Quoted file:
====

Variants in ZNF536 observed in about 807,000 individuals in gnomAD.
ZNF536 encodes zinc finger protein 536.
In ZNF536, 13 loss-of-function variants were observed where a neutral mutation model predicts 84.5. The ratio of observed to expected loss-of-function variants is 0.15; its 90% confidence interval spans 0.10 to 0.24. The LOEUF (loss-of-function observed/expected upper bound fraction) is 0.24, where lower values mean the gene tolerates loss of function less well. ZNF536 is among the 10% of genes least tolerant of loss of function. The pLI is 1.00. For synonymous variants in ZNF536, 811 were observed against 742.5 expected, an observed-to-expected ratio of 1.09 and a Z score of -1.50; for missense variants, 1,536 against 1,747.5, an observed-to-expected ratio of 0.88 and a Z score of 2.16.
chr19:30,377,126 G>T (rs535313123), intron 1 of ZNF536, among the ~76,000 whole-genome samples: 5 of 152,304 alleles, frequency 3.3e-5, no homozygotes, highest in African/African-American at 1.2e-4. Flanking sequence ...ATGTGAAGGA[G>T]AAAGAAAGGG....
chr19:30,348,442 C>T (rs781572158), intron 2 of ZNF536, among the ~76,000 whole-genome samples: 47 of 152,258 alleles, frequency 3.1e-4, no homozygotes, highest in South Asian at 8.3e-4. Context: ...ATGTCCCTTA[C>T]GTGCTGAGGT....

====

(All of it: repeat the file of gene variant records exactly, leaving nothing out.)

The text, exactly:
Variants in ZNF536 observed in about 807,000 individuals in gnomAD.
ZNF536 encodes zinc finger protein 536.
In ZNF536, 13 loss-of-function variants were observed where a neutral mutation model predicts 84.5. The ratio of observed to expected loss-of-function variants is 0.15; its 90% confidence interval spans 0.10 to 0.24. The LOEUF (loss-of-function observed/expected upper bound fraction) is 0.24, where lower values mean the gene tolerates loss of function less well. ZNF536 is among the 10% of genes least tolerant of loss of function. The pLI is 1.00. For synonymous variants in ZNF536, 811 were observed against 742.5 expected, an observed-to-expected ratio of 1.09 and a Z score of -1.50; for missense variants, 1,536 against 1,747.5, an observed-to-expected ratio of 0.88 and a Z score of 2.16.
chr19:30,377,126 G>T (rs535313123), intron 1 of ZNF536, among the ~76,000 whole-genome samples: 5 of 152,304 alleles, frequency 3.3e-5, no homozygotes, highest in African/African-American at 1.2e-4. Flanking sequence ...ATGTGAAGGA[G>T]AAAGAAAGGG....
chr19:30,348,442 C>T (rs781572158), intron 2 of ZNF536, among the ~76,000 whole-genome samples: 47 of 152,258 alleles, frequency 3.1e-4, no homozygotes, highest in South Asian at 8.3e-4. Context: ...ATGTCCCTTA[C>T]GTGCTGAGGT....